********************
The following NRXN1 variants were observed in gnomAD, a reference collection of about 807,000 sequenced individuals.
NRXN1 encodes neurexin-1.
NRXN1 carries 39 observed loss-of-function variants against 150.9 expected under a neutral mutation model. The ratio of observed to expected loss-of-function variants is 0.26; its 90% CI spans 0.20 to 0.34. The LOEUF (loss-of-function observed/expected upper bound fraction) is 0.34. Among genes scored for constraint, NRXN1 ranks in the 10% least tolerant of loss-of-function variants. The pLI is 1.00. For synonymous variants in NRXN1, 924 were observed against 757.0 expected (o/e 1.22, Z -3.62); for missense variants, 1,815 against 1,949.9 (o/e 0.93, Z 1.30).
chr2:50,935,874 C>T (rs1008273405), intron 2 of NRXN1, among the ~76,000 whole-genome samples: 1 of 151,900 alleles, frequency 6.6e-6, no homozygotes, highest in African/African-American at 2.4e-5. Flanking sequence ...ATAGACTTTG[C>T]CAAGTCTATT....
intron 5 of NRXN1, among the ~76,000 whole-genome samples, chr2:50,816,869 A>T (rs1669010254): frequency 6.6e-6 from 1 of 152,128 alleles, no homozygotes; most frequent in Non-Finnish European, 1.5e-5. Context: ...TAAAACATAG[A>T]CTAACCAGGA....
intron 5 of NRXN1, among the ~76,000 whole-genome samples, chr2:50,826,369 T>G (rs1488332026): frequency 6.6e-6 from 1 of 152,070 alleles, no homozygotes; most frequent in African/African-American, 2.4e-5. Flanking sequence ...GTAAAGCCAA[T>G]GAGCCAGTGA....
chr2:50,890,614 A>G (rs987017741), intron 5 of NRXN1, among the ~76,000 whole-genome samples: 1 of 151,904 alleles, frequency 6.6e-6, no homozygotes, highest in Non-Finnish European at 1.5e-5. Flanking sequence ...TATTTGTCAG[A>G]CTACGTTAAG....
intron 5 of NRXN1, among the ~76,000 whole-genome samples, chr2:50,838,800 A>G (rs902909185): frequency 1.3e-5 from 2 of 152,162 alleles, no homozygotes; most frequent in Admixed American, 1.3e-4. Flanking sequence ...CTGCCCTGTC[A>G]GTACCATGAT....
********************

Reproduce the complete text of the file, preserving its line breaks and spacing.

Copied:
The following NRXN1 variants were observed in gnomAD, a reference collection of about 807,000 sequenced individuals.
NRXN1 encodes neurexin-1.
NRXN1 carries 39 observed loss-of-function variants against 150.9 expected under a neutral mutation model. The ratio of observed to expected loss-of-function variants is 0.26; its 90% CI spans 0.20 to 0.34. The LOEUF (loss-of-function observed/expected upper bound fraction) is 0.34. Among genes scored for constraint, NRXN1 ranks in the 10% least tolerant of loss-of-function variants. The pLI is 1.00. For synonymous variants in NRXN1, 924 were observed against 757.0 expected (o/e 1.22, Z -3.62); for missense variants, 1,815 against 1,949.9 (o/e 0.93, Z 1.30).
chr2:50,935,874 C>T (rs1008273405), intron 2 of NRXN1, among the ~76,000 whole-genome samples: 1 of 151,900 alleles, frequency 6.6e-6, no homozygotes, highest in African/African-American at 2.4e-5. Flanking sequence ...ATAGACTTTG[C>T]CAAGTCTATT....
intron 5 of NRXN1, among the ~76,000 whole-genome samples, chr2:50,816,869 A>T (rs1669010254): frequency 6.6e-6 from 1 of 152,128 alleles, no homozygotes; most frequent in Non-Finnish European, 1.5e-5. Context: ...TAAAACATAG[A>T]CTAACCAGGA....
intron 5 of NRXN1, among the ~76,000 whole-genome samples, chr2:50,826,369 T>G (rs1488332026): frequency 6.6e-6 from 1 of 152,070 alleles, no homozygotes; most frequent in African/African-American, 2.4e-5. Flanking sequence ...GTAAAGCCAA[T>G]GAGCCAGTGA....
chr2:50,890,614 A>G (rs987017741), intron 5 of NRXN1, among the ~76,000 whole-genome samples: 1 of 151,904 alleles, frequency 6.6e-6, no homozygotes, highest in Non-Finnish European at 1.5e-5. Flanking sequence ...TATTTGTCAG[A>G]CTACGTTAAG....
intron 5 of NRXN1, among the ~76,000 whole-genome samples, chr2:50,838,800 A>G (rs902909185): frequency 1.3e-5 from 2 of 152,162 alleles, no homozygotes; most frequent in Admixed American, 1.3e-4. Flanking sequence ...CTGCCCTGTC[A>G]GTACCATGAT....